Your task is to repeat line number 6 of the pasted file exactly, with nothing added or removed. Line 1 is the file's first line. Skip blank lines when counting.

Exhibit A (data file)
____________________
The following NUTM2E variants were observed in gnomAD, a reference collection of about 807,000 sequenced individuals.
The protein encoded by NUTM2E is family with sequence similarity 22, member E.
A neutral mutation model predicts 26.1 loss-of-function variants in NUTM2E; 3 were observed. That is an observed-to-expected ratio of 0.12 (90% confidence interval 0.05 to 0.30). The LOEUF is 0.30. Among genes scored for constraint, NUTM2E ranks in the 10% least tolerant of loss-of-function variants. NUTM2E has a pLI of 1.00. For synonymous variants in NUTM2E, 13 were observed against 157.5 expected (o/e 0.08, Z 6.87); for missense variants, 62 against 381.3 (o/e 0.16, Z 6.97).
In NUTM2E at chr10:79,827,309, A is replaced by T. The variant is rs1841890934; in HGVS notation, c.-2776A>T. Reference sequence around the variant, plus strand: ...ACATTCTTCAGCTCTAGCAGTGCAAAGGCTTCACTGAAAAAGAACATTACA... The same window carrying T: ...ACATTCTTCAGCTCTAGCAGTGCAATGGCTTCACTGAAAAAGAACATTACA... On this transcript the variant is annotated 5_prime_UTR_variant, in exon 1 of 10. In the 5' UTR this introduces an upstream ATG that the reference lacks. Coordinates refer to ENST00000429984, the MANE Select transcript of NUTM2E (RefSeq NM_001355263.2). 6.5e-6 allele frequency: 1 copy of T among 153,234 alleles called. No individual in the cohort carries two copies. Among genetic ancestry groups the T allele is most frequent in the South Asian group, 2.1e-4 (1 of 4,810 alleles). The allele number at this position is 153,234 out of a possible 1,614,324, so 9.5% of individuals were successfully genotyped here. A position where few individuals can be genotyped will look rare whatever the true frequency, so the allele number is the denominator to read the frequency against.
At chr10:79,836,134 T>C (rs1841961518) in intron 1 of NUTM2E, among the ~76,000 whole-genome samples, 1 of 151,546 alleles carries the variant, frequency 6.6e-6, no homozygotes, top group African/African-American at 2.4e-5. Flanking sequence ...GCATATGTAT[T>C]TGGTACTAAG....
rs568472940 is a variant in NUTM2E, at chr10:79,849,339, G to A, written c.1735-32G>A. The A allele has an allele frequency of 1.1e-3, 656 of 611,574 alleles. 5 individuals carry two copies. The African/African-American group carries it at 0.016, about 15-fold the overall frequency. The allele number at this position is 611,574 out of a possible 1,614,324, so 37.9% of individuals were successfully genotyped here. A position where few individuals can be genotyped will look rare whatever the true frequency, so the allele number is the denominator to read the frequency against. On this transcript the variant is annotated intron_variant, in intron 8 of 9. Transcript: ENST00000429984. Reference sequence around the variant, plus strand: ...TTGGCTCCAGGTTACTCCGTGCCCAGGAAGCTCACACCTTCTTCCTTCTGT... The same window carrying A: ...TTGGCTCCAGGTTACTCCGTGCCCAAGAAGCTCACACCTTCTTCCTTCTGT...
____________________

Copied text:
rs568472940 is a variant in NUTM2E, at chr10:79,849,339, G to A, written c.1735-32G>A. The A allele has an allele frequency of 1.1e-3, 656 of 611,574 alleles. 5 individuals carry two copies. The African/African-American group carries it at 0.016, about 15-fold the overall frequency. The allele number at this position is 611,574 out of a possible 1,614,324, so 37.9% of individuals were successfully genotyped here. A position where few individuals can be genotyped will look rare whatever the true frequency, so the allele number is the denominator to read the frequency against. On this transcript the variant is annotated intron_variant, in intron 8 of 9. Transcript: ENST00000429984. Reference sequence around the variant, plus strand: ...TTGGCTCCAGGTTACTCCGTGCCCAGGAAGCTCACACCTTCTTCCTTCTGT... The same window carrying A: ...TTGGCTCCAGGTTACTCCGTGCCCAAGAAGCTCACACCTTCTTCCTTCTGT...